Melbourne: Children who learn how to swim at a young age are reaching many developmental milestones earlier than the norm, scientists say.
As well as achieving physical milestones faster, children who swim also scored significantly better in visual-motor skills such as cutting paper, colouring in and drawing lines and shapes, and many mathematically-related tasks.
Their oral expression was also better as well as in the general areas of literacy and numeracy, found researchers from the Griffith Institute for Educational Research in Australia.
The study surveyed parents of 7000 under-fives from Australia, New Zealand and the US over three years.
A further 180 children aged 3, 4 and 5 years have been involved in intensive testing, making it the world`s most comprehensive study into early-years swimming.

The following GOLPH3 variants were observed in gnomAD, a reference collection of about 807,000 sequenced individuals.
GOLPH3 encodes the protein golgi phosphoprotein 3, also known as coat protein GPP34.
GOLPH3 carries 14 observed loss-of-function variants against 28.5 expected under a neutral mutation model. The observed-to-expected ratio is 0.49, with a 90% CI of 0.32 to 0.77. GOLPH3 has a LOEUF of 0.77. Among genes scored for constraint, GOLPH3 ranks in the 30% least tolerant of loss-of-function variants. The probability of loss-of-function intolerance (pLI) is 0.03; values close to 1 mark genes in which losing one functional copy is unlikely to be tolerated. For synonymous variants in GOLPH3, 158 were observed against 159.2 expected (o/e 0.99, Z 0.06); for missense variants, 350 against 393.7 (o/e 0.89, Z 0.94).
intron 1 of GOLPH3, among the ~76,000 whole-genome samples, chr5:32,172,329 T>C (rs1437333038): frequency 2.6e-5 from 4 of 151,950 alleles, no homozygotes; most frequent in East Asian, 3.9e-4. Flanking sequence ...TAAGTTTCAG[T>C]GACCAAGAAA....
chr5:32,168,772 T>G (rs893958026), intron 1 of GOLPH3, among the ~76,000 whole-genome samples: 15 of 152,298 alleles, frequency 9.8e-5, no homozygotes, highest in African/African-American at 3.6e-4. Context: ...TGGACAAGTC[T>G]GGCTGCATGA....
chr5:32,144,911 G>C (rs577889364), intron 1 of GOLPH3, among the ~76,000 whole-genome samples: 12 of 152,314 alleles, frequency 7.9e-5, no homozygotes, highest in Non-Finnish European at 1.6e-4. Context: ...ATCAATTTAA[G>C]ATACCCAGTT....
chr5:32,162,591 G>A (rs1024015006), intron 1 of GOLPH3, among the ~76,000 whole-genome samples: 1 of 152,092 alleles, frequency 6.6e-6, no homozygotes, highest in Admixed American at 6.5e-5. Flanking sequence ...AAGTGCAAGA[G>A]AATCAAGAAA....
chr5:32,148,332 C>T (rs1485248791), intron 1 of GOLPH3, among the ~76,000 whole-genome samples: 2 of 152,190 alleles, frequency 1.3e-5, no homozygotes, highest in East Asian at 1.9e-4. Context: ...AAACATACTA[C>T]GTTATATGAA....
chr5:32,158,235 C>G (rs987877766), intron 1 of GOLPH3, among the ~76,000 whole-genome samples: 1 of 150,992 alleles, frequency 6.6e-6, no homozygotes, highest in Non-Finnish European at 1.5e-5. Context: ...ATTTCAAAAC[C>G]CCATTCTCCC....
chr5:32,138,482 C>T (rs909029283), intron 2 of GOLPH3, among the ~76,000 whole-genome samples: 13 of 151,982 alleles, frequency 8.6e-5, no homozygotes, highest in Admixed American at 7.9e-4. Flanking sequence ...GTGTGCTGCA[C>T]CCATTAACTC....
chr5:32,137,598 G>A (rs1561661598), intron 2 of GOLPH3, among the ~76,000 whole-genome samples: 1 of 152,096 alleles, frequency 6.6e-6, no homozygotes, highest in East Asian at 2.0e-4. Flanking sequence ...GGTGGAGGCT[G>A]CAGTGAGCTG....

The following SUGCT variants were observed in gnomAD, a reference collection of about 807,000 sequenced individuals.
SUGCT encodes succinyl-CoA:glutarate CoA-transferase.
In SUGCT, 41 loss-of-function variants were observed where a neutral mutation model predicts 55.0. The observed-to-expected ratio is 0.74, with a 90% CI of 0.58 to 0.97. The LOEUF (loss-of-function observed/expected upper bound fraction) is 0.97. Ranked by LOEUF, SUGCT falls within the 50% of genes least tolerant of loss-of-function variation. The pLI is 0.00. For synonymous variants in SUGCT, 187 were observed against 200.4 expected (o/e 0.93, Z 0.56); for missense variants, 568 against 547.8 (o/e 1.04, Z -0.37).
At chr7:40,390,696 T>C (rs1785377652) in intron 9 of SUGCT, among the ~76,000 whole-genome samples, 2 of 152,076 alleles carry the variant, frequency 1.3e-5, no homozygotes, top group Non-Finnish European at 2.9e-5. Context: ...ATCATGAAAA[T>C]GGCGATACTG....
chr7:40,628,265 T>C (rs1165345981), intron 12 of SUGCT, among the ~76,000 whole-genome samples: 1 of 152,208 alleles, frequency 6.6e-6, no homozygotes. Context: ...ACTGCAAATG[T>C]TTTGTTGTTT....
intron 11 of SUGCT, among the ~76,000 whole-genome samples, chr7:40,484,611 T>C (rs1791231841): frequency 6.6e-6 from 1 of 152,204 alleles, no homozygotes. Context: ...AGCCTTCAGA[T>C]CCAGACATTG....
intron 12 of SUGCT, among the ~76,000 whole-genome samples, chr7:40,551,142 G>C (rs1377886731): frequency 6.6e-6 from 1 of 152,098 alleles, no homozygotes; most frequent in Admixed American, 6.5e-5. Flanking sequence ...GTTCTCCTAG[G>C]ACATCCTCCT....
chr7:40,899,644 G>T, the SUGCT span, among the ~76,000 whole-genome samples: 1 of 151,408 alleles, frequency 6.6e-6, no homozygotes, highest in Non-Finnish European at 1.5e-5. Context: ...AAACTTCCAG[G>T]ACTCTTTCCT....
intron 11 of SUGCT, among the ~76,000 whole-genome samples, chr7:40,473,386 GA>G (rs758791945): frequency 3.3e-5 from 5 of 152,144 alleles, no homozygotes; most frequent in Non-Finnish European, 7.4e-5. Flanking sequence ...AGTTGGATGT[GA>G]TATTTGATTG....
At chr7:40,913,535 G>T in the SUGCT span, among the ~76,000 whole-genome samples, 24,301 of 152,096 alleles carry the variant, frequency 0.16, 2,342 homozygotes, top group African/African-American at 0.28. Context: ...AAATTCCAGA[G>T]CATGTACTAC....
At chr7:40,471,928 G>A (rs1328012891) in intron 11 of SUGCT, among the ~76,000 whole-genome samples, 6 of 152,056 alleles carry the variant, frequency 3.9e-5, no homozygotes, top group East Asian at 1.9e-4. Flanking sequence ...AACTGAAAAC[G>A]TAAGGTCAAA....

Lead researcher Professor Robyn Jorgensen said the study shows young children who participate in early-years swimming achieve a wide range of skills earlier than the normal population.
"Many of these skills are those that help young children into the transition into formal learning contexts such as pre-school or school," Jorgensen said.
"The research also found significant differences between the swimming cohort and non-swimmers regardless of socio-economic background," Jorgensen said in a statement.